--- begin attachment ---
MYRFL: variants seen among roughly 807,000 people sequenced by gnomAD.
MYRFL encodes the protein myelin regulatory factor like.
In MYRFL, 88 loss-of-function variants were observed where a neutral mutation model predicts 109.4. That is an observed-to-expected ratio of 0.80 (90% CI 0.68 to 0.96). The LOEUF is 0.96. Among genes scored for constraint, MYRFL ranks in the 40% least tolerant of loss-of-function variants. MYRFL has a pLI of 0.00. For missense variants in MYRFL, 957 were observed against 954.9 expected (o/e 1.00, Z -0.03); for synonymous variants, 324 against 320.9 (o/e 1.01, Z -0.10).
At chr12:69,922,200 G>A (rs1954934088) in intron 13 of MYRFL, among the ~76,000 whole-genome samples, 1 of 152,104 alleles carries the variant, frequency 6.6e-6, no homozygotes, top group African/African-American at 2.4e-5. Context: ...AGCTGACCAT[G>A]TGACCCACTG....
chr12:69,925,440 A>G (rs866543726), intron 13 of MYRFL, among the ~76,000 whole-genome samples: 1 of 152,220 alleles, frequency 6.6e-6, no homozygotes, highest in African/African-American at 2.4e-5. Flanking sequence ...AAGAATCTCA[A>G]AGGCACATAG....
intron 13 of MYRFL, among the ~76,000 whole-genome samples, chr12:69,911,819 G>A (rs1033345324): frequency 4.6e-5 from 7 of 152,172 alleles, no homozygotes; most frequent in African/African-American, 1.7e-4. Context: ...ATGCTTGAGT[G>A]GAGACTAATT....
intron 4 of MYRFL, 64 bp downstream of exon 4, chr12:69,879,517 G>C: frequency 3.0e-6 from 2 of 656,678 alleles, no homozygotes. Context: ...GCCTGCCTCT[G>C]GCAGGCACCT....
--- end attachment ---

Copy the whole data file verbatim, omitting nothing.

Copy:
MYRFL: variants seen among roughly 807,000 people sequenced by gnomAD.
MYRFL encodes the protein myelin regulatory factor like.
In MYRFL, 88 loss-of-function variants were observed where a neutral mutation model predicts 109.4. That is an observed-to-expected ratio of 0.80 (90% CI 0.68 to 0.96). The LOEUF is 0.96. Among genes scored for constraint, MYRFL ranks in the 40% least tolerant of loss-of-function variants. MYRFL has a pLI of 0.00. For missense variants in MYRFL, 957 were observed against 954.9 expected (o/e 1.00, Z -0.03); for synonymous variants, 324 against 320.9 (o/e 1.01, Z -0.10).
At chr12:69,922,200 G>A (rs1954934088) in intron 13 of MYRFL, among the ~76,000 whole-genome samples, 1 of 152,104 alleles carries the variant, frequency 6.6e-6, no homozygotes, top group African/African-American at 2.4e-5. Context: ...AGCTGACCAT[G>A]TGACCCACTG....
chr12:69,925,440 A>G (rs866543726), intron 13 of MYRFL, among the ~76,000 whole-genome samples: 1 of 152,220 alleles, frequency 6.6e-6, no homozygotes, highest in African/African-American at 2.4e-5. Flanking sequence ...AAGAATCTCA[A>G]AGGCACATAG....
intron 13 of MYRFL, among the ~76,000 whole-genome samples, chr12:69,911,819 G>A (rs1033345324): frequency 4.6e-5 from 7 of 152,172 alleles, no homozygotes; most frequent in African/African-American, 1.7e-4. Context: ...ATGCTTGAGT[G>A]GAGACTAATT....
intron 4 of MYRFL, 64 bp downstream of exon 4, chr12:69,879,517 G>C: frequency 3.0e-6 from 2 of 656,678 alleles, no homozygotes. Context: ...GCCTGCCTCT[G>C]GCAGGCACCT....